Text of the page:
As will be readily understood by those skilled in the art of computer programming, and others, continuing the process 70 of determining variant substitution words results in the decision tree 110 illustrated in FIG. 5. As depicted, the “IN” branch node 136 has a child “M” substitution node 164 and a grandchild “G” branch node 166. The “G” branch node 166 has a “G” child substitution node 168 and a “6” (six) child substitution node 170. A phantom null substitution node 174 and a phantom null substitution node 176 are shown to illustrate that the process of the invention considers, but does not create these nodes, because their respective probabilities fall below the predetermined threshold.
Eventually, the root node 120 becomes the current node, and the process proceeds at the step 74 where there are no additional child branch nodes of the root node that have not been fully processed. Flow control then proceeds to step 94 where a determination is made that the current node is the root node. At this point, the process 70 is complete. All valid variant search words have been created. As depicted in FIG. 5, the process determines the variant search words to include “SING”, “SIN6”, “SMG”, “SM6.” Additional variant search words are not illustrated in FIG. 5.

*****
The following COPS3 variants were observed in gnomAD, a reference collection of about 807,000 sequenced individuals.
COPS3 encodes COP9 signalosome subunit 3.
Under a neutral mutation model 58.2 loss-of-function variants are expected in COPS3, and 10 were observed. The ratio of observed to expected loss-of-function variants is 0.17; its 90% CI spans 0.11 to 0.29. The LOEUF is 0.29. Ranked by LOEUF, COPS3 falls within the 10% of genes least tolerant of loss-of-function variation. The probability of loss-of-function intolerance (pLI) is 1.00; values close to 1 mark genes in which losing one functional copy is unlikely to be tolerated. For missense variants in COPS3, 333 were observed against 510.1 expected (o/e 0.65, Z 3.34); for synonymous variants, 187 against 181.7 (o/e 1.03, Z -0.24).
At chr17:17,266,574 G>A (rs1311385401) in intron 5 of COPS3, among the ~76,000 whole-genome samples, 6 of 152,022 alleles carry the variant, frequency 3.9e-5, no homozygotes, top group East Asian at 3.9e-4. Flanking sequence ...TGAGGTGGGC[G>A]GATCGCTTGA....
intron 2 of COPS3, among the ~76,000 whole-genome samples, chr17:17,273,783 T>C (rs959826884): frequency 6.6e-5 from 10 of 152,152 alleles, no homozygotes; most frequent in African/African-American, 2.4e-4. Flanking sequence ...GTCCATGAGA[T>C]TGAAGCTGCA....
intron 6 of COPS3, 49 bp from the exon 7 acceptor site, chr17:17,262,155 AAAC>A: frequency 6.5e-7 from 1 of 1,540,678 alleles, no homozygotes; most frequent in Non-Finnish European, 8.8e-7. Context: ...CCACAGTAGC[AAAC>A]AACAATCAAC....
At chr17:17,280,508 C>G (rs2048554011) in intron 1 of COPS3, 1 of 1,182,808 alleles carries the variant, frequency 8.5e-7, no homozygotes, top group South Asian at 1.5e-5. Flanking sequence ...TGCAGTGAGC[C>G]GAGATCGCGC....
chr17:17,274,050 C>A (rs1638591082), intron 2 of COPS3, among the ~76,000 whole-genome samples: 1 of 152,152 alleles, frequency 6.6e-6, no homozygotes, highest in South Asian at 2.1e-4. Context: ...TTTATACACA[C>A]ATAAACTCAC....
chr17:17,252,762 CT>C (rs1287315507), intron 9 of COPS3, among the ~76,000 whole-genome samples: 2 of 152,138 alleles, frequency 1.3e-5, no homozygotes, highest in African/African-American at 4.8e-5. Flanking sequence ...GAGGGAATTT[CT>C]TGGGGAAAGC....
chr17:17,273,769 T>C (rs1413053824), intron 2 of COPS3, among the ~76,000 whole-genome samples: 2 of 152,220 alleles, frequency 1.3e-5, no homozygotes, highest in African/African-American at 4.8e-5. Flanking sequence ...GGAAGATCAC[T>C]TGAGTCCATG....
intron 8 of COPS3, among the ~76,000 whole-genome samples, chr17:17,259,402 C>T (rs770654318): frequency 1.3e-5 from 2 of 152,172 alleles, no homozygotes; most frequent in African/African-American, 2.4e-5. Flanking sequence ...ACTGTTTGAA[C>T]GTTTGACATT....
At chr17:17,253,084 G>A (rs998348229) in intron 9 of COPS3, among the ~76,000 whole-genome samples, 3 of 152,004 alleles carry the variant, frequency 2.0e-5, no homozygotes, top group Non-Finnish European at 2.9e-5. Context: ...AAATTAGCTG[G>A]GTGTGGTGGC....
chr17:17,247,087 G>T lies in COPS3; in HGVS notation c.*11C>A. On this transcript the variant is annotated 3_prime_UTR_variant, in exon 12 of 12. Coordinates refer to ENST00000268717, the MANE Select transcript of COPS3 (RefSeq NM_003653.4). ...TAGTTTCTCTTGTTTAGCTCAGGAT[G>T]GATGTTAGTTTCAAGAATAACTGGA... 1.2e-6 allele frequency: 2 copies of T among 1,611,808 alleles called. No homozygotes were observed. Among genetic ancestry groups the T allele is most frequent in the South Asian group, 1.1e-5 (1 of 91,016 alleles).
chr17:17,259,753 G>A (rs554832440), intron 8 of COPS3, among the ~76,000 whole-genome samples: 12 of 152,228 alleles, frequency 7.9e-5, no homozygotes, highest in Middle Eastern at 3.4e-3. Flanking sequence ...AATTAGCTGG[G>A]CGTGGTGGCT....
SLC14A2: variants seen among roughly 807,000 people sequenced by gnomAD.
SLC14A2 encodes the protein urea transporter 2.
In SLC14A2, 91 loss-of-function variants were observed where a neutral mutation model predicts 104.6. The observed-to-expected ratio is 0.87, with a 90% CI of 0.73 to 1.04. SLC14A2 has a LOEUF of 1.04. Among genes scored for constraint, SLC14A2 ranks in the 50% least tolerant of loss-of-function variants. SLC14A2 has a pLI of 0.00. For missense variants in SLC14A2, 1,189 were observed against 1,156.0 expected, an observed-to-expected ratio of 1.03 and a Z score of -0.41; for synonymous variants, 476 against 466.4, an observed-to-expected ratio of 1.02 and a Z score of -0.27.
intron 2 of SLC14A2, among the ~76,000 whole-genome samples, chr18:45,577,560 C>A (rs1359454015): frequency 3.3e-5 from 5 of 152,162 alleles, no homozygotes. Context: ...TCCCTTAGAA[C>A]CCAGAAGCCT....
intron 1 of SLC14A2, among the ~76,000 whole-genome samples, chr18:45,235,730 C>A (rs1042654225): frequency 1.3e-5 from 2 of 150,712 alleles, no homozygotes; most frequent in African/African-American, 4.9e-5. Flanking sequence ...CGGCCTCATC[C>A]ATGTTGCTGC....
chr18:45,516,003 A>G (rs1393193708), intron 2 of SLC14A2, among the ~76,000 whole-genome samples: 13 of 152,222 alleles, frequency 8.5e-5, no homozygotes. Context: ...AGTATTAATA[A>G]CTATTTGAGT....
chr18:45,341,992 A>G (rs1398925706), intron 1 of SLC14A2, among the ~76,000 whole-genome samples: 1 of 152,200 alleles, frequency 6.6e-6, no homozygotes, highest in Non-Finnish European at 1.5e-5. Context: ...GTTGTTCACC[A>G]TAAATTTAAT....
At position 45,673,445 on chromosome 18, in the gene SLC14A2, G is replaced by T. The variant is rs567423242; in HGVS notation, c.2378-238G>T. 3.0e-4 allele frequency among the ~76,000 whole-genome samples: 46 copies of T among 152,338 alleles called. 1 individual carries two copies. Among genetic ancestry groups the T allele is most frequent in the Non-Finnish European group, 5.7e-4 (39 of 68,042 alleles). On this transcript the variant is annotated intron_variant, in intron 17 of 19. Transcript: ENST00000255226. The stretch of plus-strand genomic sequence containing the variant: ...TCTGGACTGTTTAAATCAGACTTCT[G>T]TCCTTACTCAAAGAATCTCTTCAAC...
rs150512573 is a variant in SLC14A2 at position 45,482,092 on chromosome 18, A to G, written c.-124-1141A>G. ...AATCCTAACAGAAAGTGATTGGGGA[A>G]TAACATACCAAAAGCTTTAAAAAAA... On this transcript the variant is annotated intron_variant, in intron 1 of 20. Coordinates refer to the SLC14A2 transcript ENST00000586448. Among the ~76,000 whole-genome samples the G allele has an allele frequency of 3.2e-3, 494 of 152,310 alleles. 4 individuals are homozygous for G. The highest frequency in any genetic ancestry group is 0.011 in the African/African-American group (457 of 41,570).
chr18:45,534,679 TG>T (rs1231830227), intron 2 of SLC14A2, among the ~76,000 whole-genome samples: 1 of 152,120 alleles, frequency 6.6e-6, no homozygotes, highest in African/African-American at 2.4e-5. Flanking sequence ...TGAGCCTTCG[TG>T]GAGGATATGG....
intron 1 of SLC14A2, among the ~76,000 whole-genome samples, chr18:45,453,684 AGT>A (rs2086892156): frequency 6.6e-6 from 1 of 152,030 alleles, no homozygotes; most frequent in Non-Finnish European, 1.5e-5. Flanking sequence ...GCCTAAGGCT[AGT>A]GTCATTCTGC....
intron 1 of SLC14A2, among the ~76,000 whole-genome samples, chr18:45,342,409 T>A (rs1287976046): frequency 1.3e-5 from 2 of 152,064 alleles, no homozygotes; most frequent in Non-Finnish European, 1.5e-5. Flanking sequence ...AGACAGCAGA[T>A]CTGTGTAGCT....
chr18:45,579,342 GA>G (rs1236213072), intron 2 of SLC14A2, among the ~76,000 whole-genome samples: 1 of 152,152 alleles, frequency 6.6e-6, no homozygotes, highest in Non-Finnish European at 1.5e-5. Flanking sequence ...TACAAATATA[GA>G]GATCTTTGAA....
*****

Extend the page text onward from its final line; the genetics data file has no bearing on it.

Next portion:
As will be further understood by those skilled in the art of computer programming, and others, various changes can be made to the process 70 described above without departing from the spirit and scope of the invention. For example, the process may determine that some branch nodes, such as the branch nodes 124, 126, and 128, do not need to be created, because they represent probabilities that are below the designated threshold. Additionally, the ordering of the steps in the process 70 can be altered without departing from the invention.
While the preferred embodiment of the invention has been illustrated and described, it will be appreciated that various changes can be made therein without departing from the spirit and scope of the invention.
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|U.S. Classification||1/1, 715/205, 707/E17.058, 707/999.003, 707/999.005, 707/999.002, 707/999.004|
|International Classification||G06F17/30, G06K9/72, G06K9/00|
|Cooperative Classification||G06K2209/01, Y10S707/99934, Y10S707/99932, Y10S707/99935, Y10S707/99933, G06K9/00865, G06K9/723|
|European Classification||G06K9/72L, G06K9/00W2|
|Jun 24, 2003||CC||Certificate of correction|